IP Telephony Gateway

If a call is to be made from a PC or specialized IP phone to a regular PSTN telephone or vice versa, both the PSTN and IP network are involved in making the call. The PSTN may also use an IP network for so-called trunk replacement, or IP trunking, where the long-distance portion of the PSTN voice traffic between two PSTN telephones is carried over an IP network.
When it comes to delivering real-time voice, the PSTN and an IP network are different in a number of ways, as summarized in Table 1. For establishing a call, for example, SS No. 7 has been traditionally used within the PSTN, while H.323 is the most prevalent protocol suite [with Session Initiation Protocol (SIP) as a viable alternative] in the Internet to date. In general, the connection of two dissimilar networks is achieved through some sort of a device—called a gateway—that compensates for the differences in the networks. There is no exception when it comes to interconnecting the PSTN and IP networks for supporting IP telephony. In this case, the interconnecting device is called an IP telephony gateway and will link users of IP telephony with a billion or so PSTN users.

Table 1: Key Differences between Telephony over the PSTN and the Internet
Distinguishing Aspect
Bandwidth allocation for voice transport
A dedicated circuit (e.g., 64 kbps) set up for each two-party communications session.
Best-effort delivery of IP packets.
Numbering and addressing scheme
14-bit point code for network nodes and E.164 for endpoints.
4-byte IP address, domain name system (DNS), e-mail address, uniform resource locator (URL), etc.
Voice representation
Typically analog in the loop and G.711 (either A-or m-law) in the backbone.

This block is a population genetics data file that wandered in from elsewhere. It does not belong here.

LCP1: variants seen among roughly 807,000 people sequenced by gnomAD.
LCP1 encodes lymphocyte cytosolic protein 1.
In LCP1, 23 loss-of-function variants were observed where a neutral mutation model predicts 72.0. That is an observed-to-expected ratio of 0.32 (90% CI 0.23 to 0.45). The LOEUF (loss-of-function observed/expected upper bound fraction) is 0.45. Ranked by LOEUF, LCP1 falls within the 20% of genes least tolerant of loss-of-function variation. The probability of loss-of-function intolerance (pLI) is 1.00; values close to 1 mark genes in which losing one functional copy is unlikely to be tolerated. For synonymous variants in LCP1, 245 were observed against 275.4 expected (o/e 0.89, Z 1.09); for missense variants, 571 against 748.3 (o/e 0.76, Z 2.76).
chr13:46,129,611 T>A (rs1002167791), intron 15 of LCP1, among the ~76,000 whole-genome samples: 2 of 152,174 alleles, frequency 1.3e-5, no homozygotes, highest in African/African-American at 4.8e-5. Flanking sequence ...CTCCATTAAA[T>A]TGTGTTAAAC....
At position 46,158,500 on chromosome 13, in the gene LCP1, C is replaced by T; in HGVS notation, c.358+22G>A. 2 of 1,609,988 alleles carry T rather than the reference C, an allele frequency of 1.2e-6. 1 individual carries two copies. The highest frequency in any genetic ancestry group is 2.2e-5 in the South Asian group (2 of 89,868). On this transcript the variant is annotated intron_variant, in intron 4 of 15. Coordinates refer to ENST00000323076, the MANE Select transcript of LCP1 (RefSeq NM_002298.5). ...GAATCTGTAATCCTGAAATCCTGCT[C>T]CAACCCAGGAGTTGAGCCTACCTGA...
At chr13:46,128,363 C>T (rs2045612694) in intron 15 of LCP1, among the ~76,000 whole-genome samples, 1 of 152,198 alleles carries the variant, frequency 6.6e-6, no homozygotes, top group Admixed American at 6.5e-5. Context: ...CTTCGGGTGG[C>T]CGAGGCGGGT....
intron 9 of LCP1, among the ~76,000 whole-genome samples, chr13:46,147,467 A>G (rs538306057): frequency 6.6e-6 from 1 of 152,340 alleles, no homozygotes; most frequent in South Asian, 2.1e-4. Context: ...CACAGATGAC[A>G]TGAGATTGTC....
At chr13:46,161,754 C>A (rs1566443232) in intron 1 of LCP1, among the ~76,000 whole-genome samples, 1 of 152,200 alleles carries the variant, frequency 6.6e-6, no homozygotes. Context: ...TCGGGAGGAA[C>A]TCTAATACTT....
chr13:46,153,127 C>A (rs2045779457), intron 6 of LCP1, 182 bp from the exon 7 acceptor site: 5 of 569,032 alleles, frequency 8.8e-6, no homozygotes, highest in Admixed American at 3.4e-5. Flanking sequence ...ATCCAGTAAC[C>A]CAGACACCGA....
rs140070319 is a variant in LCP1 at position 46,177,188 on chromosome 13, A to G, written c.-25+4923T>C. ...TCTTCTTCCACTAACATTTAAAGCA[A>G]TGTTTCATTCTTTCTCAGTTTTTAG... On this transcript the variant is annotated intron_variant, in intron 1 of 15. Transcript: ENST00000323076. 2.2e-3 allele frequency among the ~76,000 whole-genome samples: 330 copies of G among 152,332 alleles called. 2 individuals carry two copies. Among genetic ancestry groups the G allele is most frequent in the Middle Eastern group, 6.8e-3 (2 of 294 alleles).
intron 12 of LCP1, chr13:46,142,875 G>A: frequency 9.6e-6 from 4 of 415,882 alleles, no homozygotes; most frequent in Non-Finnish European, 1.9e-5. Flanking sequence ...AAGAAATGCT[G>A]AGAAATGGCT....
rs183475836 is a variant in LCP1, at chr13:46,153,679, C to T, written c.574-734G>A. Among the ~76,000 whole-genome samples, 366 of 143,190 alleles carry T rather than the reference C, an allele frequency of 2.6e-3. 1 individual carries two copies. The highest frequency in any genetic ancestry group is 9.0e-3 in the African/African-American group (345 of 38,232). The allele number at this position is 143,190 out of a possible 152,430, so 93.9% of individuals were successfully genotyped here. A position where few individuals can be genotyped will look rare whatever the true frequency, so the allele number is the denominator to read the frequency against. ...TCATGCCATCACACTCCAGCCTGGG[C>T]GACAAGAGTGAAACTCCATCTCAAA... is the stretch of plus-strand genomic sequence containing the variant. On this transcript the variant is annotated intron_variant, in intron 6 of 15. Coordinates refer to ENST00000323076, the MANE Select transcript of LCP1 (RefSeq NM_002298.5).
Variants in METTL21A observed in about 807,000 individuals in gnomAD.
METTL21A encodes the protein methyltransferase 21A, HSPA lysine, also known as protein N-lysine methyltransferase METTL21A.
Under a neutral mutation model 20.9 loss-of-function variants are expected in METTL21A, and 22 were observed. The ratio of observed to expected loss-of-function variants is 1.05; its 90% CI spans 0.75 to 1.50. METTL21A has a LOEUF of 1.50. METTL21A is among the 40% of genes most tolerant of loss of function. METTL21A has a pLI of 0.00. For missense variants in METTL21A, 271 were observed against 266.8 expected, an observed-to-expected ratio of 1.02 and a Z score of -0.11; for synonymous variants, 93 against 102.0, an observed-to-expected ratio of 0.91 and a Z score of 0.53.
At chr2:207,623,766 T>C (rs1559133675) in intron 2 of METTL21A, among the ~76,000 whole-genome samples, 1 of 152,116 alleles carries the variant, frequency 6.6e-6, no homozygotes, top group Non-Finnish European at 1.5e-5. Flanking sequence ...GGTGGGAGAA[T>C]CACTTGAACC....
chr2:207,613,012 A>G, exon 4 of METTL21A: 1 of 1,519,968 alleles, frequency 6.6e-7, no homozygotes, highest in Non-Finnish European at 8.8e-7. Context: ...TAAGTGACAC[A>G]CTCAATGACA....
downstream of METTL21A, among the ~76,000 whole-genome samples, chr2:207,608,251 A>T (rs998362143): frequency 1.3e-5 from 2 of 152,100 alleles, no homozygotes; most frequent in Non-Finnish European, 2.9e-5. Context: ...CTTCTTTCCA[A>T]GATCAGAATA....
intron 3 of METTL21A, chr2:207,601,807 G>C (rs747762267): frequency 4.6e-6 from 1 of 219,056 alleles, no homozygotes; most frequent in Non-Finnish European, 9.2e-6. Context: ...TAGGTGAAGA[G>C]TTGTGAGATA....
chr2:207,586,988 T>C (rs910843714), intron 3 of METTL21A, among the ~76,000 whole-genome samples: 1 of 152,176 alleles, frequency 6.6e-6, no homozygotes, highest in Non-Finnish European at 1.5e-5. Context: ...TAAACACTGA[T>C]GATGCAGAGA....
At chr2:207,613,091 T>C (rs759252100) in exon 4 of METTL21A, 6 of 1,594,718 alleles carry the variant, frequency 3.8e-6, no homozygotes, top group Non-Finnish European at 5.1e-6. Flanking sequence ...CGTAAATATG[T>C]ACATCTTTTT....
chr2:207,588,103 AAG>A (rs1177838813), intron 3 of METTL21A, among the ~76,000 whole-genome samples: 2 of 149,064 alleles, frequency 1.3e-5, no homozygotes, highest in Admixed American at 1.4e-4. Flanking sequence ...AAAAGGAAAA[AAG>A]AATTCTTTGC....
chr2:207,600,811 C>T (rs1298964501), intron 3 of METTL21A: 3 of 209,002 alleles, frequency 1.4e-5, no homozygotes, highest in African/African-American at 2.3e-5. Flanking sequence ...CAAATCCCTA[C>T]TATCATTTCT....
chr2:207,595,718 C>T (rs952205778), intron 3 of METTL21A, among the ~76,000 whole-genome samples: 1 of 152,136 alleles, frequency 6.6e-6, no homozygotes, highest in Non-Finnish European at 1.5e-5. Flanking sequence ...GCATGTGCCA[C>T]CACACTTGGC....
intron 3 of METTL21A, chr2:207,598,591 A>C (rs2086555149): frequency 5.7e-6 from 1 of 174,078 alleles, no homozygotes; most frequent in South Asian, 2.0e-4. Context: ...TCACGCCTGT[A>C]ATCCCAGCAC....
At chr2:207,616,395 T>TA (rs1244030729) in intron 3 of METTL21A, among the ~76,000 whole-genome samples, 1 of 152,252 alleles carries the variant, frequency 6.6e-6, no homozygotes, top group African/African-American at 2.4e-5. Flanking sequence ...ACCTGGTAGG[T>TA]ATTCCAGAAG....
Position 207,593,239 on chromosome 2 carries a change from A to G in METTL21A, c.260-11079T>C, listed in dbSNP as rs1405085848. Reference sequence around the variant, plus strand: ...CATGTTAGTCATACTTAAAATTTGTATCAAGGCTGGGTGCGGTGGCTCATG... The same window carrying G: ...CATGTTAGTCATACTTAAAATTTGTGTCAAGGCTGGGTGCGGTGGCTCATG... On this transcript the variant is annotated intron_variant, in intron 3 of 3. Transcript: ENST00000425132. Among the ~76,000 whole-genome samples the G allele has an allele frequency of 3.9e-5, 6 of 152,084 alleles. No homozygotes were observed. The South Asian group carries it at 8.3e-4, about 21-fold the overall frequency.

G.711, G.723.1, G.729, etc.
Signaling protocols
Signalling System No. 7 Q.931, etc.,
H.323, SIP, etc.
99.999% (5 min downtime per year).
99% (88 h downtime per year).
Figure 1 illustrates the integration of the PSTN and the Internet (or any IP network) through gateways in support of IP telephony. It distinguishes four types of IP telephony gateways based on the PSTN interfaces and certain specific functions that they support.
Figure 1: PSTN-Internet integration through gateways.

  1. Trunking gateway. Connects a central office (CO) switch to an IP router. Such a gateway typically has an SS No. 7 signaling interface and manages a large number of 64-kbps digital circuits and Real-Time Transport Protocol (RTP) streams. It is used in the trunk replacement application where the long-distance portion of a call between two telephones is made over the IP network instead of the PSTN. (In IP telephony parlance, such calls are known as phone-to-phone calls.)

  2. Access gateway. Connects telephones or PBXs to an IP router through an access interface [such as ISDN primary rate interface (PRI)]. It supports calls between two telephones with the IP network as an intermediary transport or between a telephone and a PC. (Again, in IP telephony parlance, calls between a telephone and a PC are also known as PC-to-phone calls or phone-to-PC calls.)

  3. Network access server. Connects a central office switch to an IP router. (Though previously discussed, it is included for completeness, because this type of gateway can be controlled in exactly the same manner as others.) Such a gateway may have an ISDN interface similar to that of the access gateway.

  4. Residential gateway. Connects analog phones to an IP router. Such a gateway typically supports a small number (two to four) of analog lines and is located on the customer premises. It brings the Internet interconnection point directly to the curb and maximizes the use of the IP network for calls between two telephones as well as between a telephone and a PC.

1 comment:

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